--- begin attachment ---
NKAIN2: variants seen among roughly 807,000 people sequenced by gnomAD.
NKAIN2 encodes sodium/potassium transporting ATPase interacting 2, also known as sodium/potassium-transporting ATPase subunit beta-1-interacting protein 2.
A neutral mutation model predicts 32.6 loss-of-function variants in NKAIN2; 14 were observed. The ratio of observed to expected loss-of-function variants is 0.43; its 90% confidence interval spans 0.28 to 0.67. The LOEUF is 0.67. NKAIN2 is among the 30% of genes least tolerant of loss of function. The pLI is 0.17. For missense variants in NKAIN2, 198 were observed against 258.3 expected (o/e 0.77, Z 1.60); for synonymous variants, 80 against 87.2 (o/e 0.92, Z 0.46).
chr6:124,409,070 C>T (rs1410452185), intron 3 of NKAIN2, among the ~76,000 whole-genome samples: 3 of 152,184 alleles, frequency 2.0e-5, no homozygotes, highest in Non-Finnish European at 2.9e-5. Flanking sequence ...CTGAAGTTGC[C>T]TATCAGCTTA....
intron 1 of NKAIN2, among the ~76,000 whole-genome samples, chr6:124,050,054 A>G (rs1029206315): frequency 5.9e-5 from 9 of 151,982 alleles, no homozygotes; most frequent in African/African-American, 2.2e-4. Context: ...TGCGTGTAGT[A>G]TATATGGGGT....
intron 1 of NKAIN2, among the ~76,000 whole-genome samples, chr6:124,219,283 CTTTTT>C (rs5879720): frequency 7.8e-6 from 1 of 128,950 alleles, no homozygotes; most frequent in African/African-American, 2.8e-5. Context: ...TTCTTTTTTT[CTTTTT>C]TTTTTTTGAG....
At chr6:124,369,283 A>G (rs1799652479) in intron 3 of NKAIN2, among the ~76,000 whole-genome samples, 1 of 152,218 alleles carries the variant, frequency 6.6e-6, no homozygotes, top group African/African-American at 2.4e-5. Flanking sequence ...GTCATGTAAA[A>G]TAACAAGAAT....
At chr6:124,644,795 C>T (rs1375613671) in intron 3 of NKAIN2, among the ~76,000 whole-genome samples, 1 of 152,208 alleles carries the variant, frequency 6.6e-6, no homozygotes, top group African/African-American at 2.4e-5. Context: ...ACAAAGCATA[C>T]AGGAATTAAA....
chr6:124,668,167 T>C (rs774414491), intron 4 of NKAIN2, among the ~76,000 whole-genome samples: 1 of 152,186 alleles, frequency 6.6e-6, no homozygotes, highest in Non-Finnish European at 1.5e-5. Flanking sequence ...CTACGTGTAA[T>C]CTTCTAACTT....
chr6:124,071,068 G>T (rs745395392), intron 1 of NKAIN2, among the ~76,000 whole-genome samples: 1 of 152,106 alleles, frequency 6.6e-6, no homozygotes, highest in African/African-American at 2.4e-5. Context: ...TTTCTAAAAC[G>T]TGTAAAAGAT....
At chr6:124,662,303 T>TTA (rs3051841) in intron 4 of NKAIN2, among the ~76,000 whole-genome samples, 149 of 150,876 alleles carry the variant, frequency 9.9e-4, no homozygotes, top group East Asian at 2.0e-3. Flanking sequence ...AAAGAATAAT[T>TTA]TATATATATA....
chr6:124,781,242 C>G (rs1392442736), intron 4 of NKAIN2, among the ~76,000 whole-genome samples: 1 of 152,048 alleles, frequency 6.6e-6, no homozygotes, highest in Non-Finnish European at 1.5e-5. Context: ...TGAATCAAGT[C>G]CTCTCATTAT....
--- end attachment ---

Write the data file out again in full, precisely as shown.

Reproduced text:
NKAIN2: variants seen among roughly 807,000 people sequenced by gnomAD.
NKAIN2 encodes sodium/potassium transporting ATPase interacting 2, also known as sodium/potassium-transporting ATPase subunit beta-1-interacting protein 2.
A neutral mutation model predicts 32.6 loss-of-function variants in NKAIN2; 14 were observed. The ratio of observed to expected loss-of-function variants is 0.43; its 90% confidence interval spans 0.28 to 0.67. The LOEUF is 0.67. NKAIN2 is among the 30% of genes least tolerant of loss of function. The pLI is 0.17. For missense variants in NKAIN2, 198 were observed against 258.3 expected (o/e 0.77, Z 1.60); for synonymous variants, 80 against 87.2 (o/e 0.92, Z 0.46).
chr6:124,409,070 C>T (rs1410452185), intron 3 of NKAIN2, among the ~76,000 whole-genome samples: 3 of 152,184 alleles, frequency 2.0e-5, no homozygotes, highest in Non-Finnish European at 2.9e-5. Flanking sequence ...CTGAAGTTGC[C>T]TATCAGCTTA....
intron 1 of NKAIN2, among the ~76,000 whole-genome samples, chr6:124,050,054 A>G (rs1029206315): frequency 5.9e-5 from 9 of 151,982 alleles, no homozygotes; most frequent in African/African-American, 2.2e-4. Context: ...TGCGTGTAGT[A>G]TATATGGGGT....
intron 1 of NKAIN2, among the ~76,000 whole-genome samples, chr6:124,219,283 CTTTTT>C (rs5879720): frequency 7.8e-6 from 1 of 128,950 alleles, no homozygotes; most frequent in African/African-American, 2.8e-5. Context: ...TTCTTTTTTT[CTTTTT>C]TTTTTTTGAG....
At chr6:124,369,283 A>G (rs1799652479) in intron 3 of NKAIN2, among the ~76,000 whole-genome samples, 1 of 152,218 alleles carries the variant, frequency 6.6e-6, no homozygotes, top group African/African-American at 2.4e-5. Flanking sequence ...GTCATGTAAA[A>G]TAACAAGAAT....
At chr6:124,644,795 C>T (rs1375613671) in intron 3 of NKAIN2, among the ~76,000 whole-genome samples, 1 of 152,208 alleles carries the variant, frequency 6.6e-6, no homozygotes, top group African/African-American at 2.4e-5. Context: ...ACAAAGCATA[C>T]AGGAATTAAA....
chr6:124,668,167 T>C (rs774414491), intron 4 of NKAIN2, among the ~76,000 whole-genome samples: 1 of 152,186 alleles, frequency 6.6e-6, no homozygotes, highest in Non-Finnish European at 1.5e-5. Flanking sequence ...CTACGTGTAA[T>C]CTTCTAACTT....
chr6:124,071,068 G>T (rs745395392), intron 1 of NKAIN2, among the ~76,000 whole-genome samples: 1 of 152,106 alleles, frequency 6.6e-6, no homozygotes, highest in African/African-American at 2.4e-5. Context: ...TTTCTAAAAC[G>T]TGTAAAAGAT....
At chr6:124,662,303 T>TTA (rs3051841) in intron 4 of NKAIN2, among the ~76,000 whole-genome samples, 149 of 150,876 alleles carry the variant, frequency 9.9e-4, no homozygotes, top group East Asian at 2.0e-3. Flanking sequence ...AAAGAATAAT[T>TTA]TATATATATA....
chr6:124,781,242 C>G (rs1392442736), intron 4 of NKAIN2, among the ~76,000 whole-genome samples: 1 of 152,048 alleles, frequency 6.6e-6, no homozygotes, highest in Non-Finnish European at 1.5e-5. Context: ...TGAATCAAGT[C>G]CTCTCATTAT....